No link between wild salmon return in British Columbia and active salmon farms
By Fabian Dawson
British Columbia’s anti-fish farming activists are world famous for spreading falsehoods about salmon aquaculture on Canada’s west coast.
And they’re it again, this time we wrap up the expected strong return of many species of Pacific salmon to the closure of a few salmon farms in the Broughton archipelago.
Bob Chamberlin of the First Nations Wild Salmon Alliance leads the pack with nothing but scientific flaw speculation.
Chamberlin, whose group wants open-net farms removed from BC waters, has circulated his claims through some media outlets that faithfully report on his rhetoric without disputing his claims.
In several appearances on Vancouver’s radio, newspaper and television news this week, Chamberlin speculated that the closure of some salmon farms in the Broughton Archipelago area in 2020 will result in a strong return of pink salmon returning to the Ahta River this year to spawn.
His press release claimed that this is “conclusive evidence” that salmon farms are a “main cause” of the decline of wild salmon.
“His sound bites may sound simple, but his facts just don’t add up,” said Ruth Salmon, interim director of the BC Salmon Farmers Association.
“In his eagerness to join the wave of good news about the potential strong return of many species of Pacific salmon returning to rivers in BC this year, Mr Chamberlin has seriously misrepresented historical data and relied on speculation to support his unwavering belief. to prove that there is a link between the return of wild salmon and salmon farms,” she said.
“The facts, however, are that there is no causation, let alone correlation, with regard to salmon farm activity and salmon yields… Pink salmon yields are highly variable, so much so that in any year can pick a single river and make up a story to support their faith.”
The Department of Fisheries and Oceans (DFO) has also poured cold water on Chamberlin’s claims and provided a scientific explanation behind the robust salmon return in 2022.
“The bottom line: it’s the cooler conditions,” reports Salmon Business.
DFO said some salmon species, such as Sockeye, that returned to spawn in 2022 have invaded the ocean during the end of an offshore heat wave and experienced cooler conditions associated with a La Nina from the second half of 2020, causing extremely warm temperatures. ocean temperatures of developing.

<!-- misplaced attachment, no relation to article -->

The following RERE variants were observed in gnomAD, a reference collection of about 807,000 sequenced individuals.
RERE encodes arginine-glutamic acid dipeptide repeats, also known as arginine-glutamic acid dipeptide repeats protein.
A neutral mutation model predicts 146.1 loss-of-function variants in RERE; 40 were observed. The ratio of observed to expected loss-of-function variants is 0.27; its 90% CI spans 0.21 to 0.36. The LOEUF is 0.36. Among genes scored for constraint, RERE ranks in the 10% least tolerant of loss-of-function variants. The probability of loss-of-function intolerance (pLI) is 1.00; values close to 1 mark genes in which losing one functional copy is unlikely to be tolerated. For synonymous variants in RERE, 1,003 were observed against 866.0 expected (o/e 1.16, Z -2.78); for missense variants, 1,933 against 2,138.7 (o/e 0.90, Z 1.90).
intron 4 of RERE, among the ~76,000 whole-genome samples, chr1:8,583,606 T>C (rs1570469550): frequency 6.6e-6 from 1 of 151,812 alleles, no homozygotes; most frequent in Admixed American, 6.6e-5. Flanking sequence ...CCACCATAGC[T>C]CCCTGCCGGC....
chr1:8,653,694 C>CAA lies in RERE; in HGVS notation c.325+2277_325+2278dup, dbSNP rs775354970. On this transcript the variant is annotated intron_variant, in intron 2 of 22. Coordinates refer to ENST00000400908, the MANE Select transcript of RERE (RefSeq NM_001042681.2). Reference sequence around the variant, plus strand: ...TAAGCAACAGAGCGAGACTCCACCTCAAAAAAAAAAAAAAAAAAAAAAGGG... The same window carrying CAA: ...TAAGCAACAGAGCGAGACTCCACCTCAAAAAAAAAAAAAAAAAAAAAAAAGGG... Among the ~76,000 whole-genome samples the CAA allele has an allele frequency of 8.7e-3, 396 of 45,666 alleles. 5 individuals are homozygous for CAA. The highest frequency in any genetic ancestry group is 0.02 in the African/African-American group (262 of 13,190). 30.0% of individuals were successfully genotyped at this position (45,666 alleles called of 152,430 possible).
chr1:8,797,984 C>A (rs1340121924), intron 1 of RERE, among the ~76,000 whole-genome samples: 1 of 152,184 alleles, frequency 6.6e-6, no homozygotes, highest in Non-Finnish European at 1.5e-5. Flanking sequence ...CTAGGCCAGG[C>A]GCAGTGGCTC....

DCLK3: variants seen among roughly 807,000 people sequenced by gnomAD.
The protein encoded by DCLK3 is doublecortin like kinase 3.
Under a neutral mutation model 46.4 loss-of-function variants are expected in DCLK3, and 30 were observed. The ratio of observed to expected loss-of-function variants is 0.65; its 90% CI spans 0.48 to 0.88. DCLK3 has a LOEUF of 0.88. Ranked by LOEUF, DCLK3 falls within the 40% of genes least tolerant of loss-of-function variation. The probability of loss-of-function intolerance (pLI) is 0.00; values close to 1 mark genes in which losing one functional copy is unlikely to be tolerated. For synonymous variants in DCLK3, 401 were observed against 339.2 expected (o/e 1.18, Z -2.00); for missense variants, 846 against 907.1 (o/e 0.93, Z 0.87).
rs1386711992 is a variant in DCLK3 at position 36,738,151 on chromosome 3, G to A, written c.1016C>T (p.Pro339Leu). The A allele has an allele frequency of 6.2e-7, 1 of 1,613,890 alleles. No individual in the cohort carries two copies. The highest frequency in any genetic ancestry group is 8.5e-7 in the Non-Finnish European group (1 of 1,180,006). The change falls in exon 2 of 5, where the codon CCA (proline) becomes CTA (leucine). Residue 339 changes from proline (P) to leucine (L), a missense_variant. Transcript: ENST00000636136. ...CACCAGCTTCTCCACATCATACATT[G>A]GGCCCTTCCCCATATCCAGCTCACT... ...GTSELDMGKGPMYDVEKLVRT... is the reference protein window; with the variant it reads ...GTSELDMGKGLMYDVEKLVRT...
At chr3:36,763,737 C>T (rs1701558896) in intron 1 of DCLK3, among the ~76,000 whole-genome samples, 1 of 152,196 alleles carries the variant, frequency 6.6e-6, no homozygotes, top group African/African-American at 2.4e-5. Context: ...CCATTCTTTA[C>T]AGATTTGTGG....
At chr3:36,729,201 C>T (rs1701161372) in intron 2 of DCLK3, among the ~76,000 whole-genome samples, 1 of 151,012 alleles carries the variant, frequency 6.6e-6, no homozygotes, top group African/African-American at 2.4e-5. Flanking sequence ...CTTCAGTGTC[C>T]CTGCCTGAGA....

“Cooler conditions are generally more favorable for food resources and the growth and survival of salmon at sea. Three consecutive years of La Nina conditions favor most salmon populations,” said DFO Salmon Business.
The stock that is seen to return more abundantly is sockeye. DFO estimates that 4.3 million Sockeye will return this year based on the 50 percent yields observed in the test fishing area so far. Full data is expected in December.
Meanwhile, the BC Salmon Farmers Association (BCSFA) has issued a statement with facts and data to refute Chamberlin’s claims about the return of pink salmon in the Ahta River;
- In the ‘even’ years, an average of 19,291 pink salmon have returned to the Ahta River over the past ten years (return of pink salmon in two-year cycles).
- 907 salmon returned in 2020 – a relatively low yield that reflected the shore-wide low yield of most species of Pacific salmon (Mr Chamberlin erroneously lists this number as 200). 11 salmon farms were active during the migration (moving from rivers to the open sea) for these salmon (March 2019).
- A record return of 68,871 pink salmon back in 2014. A total of 12 salmon farms were active in the area during this migration (March 2013).
- A total of 11 salmon farms were active during this year’s return migration (2022) (March 2021). Returning populations for this year have yet to be confirmed by fisheries experts, but early reports suggest strong returns of pink and sockeye salmon may occur in many regions of BC
“For many years, we’ve been frustratingly witnessing anti-salmon farming campaigners go to the media early with speculation and anecdotes to influence negative headlines about salmon farming in British Columbia,” said BCSFA’s Ruth Salmon.
“The facts — which never get the same media attention as the critiques — have not once supported these allegations.”
Several court decisions and a series of scientific studies have shown that open-net farming in BC and adjacent waters poses no more than minimal risk to wild salmon. But the activists, including Chamberlin, have refused to believe any science that contradicts their beliefs.
(Screenshot of a YouTube video showing Bob Chamberlin)